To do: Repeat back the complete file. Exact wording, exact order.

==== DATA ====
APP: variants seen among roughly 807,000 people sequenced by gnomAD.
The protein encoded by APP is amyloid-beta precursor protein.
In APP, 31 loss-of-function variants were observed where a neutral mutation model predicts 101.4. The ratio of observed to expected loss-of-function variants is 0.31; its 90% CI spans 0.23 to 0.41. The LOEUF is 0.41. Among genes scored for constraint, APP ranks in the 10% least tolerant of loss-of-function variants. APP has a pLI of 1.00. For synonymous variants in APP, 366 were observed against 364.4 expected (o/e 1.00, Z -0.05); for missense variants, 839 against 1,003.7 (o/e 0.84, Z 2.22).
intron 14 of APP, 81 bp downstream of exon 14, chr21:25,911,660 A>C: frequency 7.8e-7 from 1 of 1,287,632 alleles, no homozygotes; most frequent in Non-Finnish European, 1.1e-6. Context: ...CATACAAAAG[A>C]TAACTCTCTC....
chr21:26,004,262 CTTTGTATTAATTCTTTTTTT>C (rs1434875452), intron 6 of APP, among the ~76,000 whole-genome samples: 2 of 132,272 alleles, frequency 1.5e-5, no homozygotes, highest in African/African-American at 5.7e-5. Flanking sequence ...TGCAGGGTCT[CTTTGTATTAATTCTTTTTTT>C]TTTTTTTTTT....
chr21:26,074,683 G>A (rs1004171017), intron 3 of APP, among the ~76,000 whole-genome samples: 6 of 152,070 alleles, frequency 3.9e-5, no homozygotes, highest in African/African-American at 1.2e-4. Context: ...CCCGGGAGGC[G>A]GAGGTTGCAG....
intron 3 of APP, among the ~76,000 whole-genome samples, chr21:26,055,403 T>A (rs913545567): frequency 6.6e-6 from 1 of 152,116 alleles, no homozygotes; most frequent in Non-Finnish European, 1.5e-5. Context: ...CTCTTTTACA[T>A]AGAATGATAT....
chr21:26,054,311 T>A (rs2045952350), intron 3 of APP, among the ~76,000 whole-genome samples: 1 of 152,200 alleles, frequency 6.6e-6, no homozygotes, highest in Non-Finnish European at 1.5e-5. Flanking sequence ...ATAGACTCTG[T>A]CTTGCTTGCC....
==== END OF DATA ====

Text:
APP: variants seen among roughly 807,000 people sequenced by gnomAD.
The protein encoded by APP is amyloid-beta precursor protein.
In APP, 31 loss-of-function variants were observed where a neutral mutation model predicts 101.4. The ratio of observed to expected loss-of-function variants is 0.31; its 90% CI spans 0.23 to 0.41. The LOEUF is 0.41. Among genes scored for constraint, APP ranks in the 10% least tolerant of loss-of-function variants. APP has a pLI of 1.00. For synonymous variants in APP, 366 were observed against 364.4 expected (o/e 1.00, Z -0.05); for missense variants, 839 against 1,003.7 (o/e 0.84, Z 2.22).
intron 14 of APP, 81 bp downstream of exon 14, chr21:25,911,660 A>C: frequency 7.8e-7 from 1 of 1,287,632 alleles, no homozygotes; most frequent in Non-Finnish European, 1.1e-6. Context: ...CATACAAAAG[A>C]TAACTCTCTC....
chr21:26,004,262 CTTTGTATTAATTCTTTTTTT>C (rs1434875452), intron 6 of APP, among the ~76,000 whole-genome samples: 2 of 132,272 alleles, frequency 1.5e-5, no homozygotes, highest in African/African-American at 5.7e-5. Flanking sequence ...TGCAGGGTCT[CTTTGTATTAATTCTTTTTTT>C]TTTTTTTTTT....
chr21:26,074,683 G>A (rs1004171017), intron 3 of APP, among the ~76,000 whole-genome samples: 6 of 152,070 alleles, frequency 3.9e-5, no homozygotes, highest in African/African-American at 1.2e-4. Context: ...CCCGGGAGGC[G>A]GAGGTTGCAG....
intron 3 of APP, among the ~76,000 whole-genome samples, chr21:26,055,403 T>A (rs913545567): frequency 6.6e-6 from 1 of 152,116 alleles, no homozygotes; most frequent in Non-Finnish European, 1.5e-5. Context: ...CTCTTTTACA[T>A]AGAATGATAT....
chr21:26,054,311 T>A (rs2045952350), intron 3 of APP, among the ~76,000 whole-genome samples: 1 of 152,200 alleles, frequency 6.6e-6, no homozygotes, highest in Non-Finnish European at 1.5e-5. Flanking sequence ...ATAGACTCTG[T>A]CTTGCTTGCC....